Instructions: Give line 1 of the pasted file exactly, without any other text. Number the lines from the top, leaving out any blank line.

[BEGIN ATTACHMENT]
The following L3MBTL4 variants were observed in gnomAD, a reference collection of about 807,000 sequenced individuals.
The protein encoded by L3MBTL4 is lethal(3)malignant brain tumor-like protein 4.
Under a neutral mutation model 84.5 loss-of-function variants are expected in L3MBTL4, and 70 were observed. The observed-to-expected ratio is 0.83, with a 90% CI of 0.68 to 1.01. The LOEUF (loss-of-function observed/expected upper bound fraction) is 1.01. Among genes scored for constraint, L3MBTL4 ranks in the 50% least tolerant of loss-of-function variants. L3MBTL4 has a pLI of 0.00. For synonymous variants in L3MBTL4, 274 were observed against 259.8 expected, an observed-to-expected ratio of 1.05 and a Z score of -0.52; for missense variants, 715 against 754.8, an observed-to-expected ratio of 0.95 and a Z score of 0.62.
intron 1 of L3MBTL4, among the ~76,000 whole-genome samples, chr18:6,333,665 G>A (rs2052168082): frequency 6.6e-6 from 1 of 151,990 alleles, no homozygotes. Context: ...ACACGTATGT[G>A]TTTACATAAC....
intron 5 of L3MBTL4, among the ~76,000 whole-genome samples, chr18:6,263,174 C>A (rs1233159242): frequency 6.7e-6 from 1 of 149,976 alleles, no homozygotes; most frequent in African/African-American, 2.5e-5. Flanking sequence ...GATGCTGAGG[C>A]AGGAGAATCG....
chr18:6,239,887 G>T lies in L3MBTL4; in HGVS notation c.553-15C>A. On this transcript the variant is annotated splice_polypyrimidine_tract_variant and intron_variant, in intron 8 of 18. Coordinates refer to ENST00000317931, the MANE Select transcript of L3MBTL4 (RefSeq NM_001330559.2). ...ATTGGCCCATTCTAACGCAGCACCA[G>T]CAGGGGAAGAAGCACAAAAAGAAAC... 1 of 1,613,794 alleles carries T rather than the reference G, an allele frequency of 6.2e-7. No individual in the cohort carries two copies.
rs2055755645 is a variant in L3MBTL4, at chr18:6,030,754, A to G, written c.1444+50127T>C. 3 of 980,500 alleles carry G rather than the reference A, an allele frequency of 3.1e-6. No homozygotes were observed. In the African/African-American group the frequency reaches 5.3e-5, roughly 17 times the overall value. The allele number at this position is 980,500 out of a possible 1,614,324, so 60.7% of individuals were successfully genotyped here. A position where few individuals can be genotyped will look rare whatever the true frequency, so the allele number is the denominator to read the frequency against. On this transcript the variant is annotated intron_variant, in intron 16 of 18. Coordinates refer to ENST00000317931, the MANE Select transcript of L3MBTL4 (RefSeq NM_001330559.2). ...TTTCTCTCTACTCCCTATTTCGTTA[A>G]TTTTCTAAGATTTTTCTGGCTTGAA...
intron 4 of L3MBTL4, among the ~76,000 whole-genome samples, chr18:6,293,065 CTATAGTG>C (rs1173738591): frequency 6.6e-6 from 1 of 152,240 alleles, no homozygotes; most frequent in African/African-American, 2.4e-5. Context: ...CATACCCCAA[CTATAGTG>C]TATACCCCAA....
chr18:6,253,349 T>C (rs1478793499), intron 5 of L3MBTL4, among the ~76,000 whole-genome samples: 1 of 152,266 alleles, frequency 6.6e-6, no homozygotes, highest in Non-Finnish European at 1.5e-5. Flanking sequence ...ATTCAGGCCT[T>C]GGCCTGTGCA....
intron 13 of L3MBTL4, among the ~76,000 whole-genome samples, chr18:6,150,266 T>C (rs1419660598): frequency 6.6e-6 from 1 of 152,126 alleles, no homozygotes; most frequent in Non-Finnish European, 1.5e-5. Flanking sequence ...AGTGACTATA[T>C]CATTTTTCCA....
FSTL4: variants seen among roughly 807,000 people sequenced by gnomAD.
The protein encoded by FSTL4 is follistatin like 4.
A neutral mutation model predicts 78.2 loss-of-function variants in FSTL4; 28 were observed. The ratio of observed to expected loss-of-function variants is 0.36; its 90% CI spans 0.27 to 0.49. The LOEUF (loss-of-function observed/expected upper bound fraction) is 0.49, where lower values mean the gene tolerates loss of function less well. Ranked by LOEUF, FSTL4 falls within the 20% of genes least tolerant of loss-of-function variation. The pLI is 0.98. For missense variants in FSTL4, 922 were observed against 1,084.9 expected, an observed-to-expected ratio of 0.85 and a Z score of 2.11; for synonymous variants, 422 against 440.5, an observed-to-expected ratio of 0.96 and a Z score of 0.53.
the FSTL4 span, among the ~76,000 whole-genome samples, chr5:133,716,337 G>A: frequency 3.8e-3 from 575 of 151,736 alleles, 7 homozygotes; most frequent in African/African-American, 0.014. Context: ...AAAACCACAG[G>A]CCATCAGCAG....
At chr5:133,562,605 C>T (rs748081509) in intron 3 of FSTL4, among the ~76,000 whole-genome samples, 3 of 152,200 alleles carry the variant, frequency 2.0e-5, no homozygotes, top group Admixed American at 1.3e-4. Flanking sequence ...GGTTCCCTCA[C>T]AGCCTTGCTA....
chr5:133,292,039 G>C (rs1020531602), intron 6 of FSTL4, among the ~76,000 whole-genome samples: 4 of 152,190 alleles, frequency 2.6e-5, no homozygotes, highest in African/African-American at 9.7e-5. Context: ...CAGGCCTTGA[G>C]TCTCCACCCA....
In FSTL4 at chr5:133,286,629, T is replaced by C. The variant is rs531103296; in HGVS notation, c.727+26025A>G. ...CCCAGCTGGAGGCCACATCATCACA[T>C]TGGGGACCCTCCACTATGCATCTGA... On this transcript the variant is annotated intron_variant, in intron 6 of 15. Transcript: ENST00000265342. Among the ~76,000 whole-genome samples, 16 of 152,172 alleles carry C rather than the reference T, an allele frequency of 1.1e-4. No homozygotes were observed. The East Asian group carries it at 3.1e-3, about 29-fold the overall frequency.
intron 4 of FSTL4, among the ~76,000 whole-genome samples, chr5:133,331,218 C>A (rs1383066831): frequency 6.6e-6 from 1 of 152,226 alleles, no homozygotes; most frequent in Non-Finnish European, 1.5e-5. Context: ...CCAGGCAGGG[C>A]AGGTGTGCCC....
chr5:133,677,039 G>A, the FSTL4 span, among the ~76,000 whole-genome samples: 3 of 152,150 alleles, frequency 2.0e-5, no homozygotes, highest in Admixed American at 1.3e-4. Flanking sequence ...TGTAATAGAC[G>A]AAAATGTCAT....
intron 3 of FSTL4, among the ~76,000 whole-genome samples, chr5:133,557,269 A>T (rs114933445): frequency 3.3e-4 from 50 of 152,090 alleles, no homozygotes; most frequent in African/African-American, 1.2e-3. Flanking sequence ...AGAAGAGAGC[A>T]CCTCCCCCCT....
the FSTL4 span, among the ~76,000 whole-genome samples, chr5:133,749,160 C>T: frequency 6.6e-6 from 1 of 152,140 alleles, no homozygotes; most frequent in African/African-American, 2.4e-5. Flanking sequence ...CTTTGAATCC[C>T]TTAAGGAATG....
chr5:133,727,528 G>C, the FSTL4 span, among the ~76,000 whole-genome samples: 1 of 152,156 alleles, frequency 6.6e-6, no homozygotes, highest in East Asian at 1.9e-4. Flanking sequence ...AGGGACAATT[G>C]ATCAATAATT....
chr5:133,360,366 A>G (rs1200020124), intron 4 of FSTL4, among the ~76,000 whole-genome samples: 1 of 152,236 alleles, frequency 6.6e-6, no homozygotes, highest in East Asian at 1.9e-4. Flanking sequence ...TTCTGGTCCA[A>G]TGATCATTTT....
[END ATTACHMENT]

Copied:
The following L3MBTL4 variants were observed in gnomAD, a reference collection of about 807,000 sequenced individuals.